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What's different about teratoma-associated anti-LGI1 encephalitis? A long-term clinical and neuroimaging case series
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  • Cun Li,
  • Hongbin Cai,
  • Xu Zhao,
  • Xincong Xi,
  • Qing Zhou,
  • Huiya Luo,
  • Zhouping Tang,
  • Kang Huicong,
  • Heidi Kirsch
Cun Li
Tongji Hospital of Tongji Medical College of Huazhong University of Science and Technology
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Hongbin Cai
No. 9 hospital of Wuhan City
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Xu Zhao
Tongji Hospital of Tongji Medical College of Huazhong University of Science and Technology
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Xincong Xi
No. 6 hospital of Shanghai City
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Qing Zhou
Tongji Hospital of Tongji Medical College of Huazhong University of Science and Technology
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Huiya Luo
Tongji Medical College
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Zhouping Tang
Tongji Hospital of Tongji Medical College of Huazhong University of Science and Technology
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Kang Huicong
Tongji Hospital of Tongji Medical College of Huazhong University of Science and Technology
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Heidi Kirsch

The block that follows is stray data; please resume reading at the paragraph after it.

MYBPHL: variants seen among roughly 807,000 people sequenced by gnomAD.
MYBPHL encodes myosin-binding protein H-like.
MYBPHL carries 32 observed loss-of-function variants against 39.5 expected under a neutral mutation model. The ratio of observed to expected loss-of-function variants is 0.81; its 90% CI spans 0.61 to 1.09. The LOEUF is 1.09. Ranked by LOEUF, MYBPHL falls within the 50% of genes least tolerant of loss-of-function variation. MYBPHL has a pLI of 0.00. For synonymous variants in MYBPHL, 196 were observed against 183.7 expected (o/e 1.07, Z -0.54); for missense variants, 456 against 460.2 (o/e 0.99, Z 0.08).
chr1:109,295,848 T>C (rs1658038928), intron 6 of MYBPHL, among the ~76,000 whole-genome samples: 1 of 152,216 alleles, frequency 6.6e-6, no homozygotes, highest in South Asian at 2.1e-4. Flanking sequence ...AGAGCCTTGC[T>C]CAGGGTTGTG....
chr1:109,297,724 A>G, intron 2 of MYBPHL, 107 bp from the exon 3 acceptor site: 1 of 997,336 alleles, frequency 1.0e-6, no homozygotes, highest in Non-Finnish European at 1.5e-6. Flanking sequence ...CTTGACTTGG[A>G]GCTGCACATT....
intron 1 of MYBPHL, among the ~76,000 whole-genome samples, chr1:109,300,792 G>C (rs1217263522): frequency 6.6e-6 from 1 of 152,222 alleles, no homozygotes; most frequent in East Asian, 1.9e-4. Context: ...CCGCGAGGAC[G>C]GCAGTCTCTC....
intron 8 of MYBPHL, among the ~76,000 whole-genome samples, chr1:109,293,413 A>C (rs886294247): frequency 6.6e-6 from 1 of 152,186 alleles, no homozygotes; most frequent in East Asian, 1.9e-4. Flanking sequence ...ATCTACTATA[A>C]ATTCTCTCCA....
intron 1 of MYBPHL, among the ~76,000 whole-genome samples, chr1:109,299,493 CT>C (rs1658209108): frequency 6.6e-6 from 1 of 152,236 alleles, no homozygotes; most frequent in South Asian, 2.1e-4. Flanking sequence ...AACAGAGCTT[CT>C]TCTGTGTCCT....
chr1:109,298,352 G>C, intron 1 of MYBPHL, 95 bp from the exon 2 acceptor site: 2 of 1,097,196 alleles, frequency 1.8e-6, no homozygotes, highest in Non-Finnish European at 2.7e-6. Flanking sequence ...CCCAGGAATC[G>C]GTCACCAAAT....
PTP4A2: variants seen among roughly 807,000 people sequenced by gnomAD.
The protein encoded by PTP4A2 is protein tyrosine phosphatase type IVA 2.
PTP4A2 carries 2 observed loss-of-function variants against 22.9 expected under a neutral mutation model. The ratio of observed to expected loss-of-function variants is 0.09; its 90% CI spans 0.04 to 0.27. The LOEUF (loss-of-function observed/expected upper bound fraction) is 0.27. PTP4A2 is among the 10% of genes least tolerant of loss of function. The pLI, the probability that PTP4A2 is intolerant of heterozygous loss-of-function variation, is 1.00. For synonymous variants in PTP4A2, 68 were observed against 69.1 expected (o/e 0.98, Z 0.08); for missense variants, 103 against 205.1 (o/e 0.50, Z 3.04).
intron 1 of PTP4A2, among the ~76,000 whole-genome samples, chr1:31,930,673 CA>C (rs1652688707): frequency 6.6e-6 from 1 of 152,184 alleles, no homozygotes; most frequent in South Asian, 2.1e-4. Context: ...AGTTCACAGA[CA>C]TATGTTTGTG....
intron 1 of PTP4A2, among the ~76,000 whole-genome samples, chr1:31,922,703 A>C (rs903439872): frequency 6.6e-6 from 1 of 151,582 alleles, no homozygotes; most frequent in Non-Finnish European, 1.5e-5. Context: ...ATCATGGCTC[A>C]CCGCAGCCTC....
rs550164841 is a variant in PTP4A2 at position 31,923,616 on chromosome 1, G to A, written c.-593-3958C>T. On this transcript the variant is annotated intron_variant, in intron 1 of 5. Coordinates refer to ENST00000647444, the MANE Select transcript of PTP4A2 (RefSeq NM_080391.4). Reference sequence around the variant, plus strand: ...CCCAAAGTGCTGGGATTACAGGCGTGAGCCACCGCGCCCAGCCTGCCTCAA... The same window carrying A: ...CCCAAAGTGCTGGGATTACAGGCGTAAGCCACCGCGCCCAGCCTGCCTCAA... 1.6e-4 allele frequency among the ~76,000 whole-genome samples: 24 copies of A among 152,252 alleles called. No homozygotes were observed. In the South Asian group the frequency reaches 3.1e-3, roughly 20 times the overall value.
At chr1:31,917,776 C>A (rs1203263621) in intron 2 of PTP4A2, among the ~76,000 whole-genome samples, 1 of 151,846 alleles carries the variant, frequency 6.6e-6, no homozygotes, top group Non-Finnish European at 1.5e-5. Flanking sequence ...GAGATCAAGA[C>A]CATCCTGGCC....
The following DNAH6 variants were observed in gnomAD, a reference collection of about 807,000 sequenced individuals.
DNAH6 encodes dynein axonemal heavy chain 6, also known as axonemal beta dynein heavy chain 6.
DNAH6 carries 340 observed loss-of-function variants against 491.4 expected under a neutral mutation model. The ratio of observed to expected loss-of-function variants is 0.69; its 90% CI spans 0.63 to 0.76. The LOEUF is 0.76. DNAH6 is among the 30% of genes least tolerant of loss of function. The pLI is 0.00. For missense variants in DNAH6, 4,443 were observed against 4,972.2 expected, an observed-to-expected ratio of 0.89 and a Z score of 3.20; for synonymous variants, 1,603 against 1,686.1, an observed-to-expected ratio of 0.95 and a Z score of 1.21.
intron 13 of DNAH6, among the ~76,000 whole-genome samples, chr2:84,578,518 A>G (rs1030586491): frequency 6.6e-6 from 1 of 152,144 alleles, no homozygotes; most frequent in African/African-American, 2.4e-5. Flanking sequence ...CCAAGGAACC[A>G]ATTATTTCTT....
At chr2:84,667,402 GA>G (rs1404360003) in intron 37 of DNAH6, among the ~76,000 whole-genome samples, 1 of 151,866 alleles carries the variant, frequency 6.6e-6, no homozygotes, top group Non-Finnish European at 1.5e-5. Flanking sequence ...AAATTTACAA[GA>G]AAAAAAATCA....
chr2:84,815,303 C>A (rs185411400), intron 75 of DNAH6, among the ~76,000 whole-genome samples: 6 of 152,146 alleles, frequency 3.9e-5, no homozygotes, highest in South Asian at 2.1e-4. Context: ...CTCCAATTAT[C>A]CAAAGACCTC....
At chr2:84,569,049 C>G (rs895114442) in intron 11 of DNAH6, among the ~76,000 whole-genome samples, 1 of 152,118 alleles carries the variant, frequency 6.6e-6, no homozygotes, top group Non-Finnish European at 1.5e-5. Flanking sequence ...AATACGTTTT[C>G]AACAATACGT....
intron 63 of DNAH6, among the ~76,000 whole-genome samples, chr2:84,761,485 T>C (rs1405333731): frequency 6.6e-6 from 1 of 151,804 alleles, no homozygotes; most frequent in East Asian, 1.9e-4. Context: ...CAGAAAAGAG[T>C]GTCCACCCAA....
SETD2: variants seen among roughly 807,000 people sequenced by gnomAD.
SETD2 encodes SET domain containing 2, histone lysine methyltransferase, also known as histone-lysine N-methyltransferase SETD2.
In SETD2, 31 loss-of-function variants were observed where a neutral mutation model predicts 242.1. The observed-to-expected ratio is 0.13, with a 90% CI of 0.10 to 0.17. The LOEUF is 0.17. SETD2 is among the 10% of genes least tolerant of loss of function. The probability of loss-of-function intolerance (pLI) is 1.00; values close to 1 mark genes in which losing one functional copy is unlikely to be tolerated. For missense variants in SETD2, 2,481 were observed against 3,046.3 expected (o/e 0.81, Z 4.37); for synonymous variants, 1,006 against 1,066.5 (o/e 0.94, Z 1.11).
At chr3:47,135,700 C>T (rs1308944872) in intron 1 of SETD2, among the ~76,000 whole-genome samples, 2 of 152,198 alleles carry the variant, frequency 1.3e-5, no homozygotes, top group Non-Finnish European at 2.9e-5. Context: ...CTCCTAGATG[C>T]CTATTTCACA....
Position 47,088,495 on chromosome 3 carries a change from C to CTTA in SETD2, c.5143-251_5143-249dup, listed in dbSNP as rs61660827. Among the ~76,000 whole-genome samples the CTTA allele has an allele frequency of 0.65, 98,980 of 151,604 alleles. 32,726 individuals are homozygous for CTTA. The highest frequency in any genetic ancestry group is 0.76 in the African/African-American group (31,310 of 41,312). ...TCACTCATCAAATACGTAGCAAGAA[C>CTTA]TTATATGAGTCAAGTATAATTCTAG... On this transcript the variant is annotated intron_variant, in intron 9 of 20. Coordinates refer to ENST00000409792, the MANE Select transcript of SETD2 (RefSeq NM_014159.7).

University of California San Francisco Epilepsy Center
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Abstract

Background Anti-leucine-rich glioma-inactivated 1 (LGI1) encephalitis is clinically heterogeneous, especially at presentation, and though it is sometimes found in association with tumor, this is by no means the rule. Methods Clinical data for 10 people with anti-LGI1 encephalitis and 3 people with anti-N-Methyl-D-aspartate receptor (NMDAR) encephalitis with teratoma were collected. Microscopic pathological examination and immunohistochemical (IHC) assay of the LGI1 antibody were performed on teratoma tissue obtained by laparoscopic oophorocystectomy. Results In our teratoma associated anti-LGI1 encephalitis case, teratoma pathology was characterized by mostly thyroid tissue and IHC assay confirmed partial or focal positive nuclear staining of LGI1 in some tumor cells. The case was similar to the non-teratoma (NT) group in many ways: age at onset; percent presenting with rapidly progressive dementia (RPD) and psychiatric symptoms; hyponatremia; normal cerebrospinal fluid (CSF) results except for positive LGI1 antibody; bilateral hippocampal hyperintensity on magnetic resonance imaging (MRI); diffuse slow waves on electroencephalogram (EEG); good response to immunotherapy and mild residual cognitive deficit. Her chronic anxiety and status epilepticus (SE) were the biggest differences compared with NT group. Interestingly, the case presented many differences compared with anti-NMDAR encephalitis with teratoma: older onset age, prominent anxiety, SE, hyponatremia, normal CSF cell count, hippocampal hyperintensity on MRI and slowly recovered and residual short-term memory impairment. Conclusion In our series, anti-LGI1 encephalitis included common clinical features: RPD, faciobrachial dystonic seizures, behavioral disorders, hyponatremia, T2-MRI hyperintensity of hippocampus and residual cognitive deficit, but a larger accumulation of cases is needed to improve our knowledge base.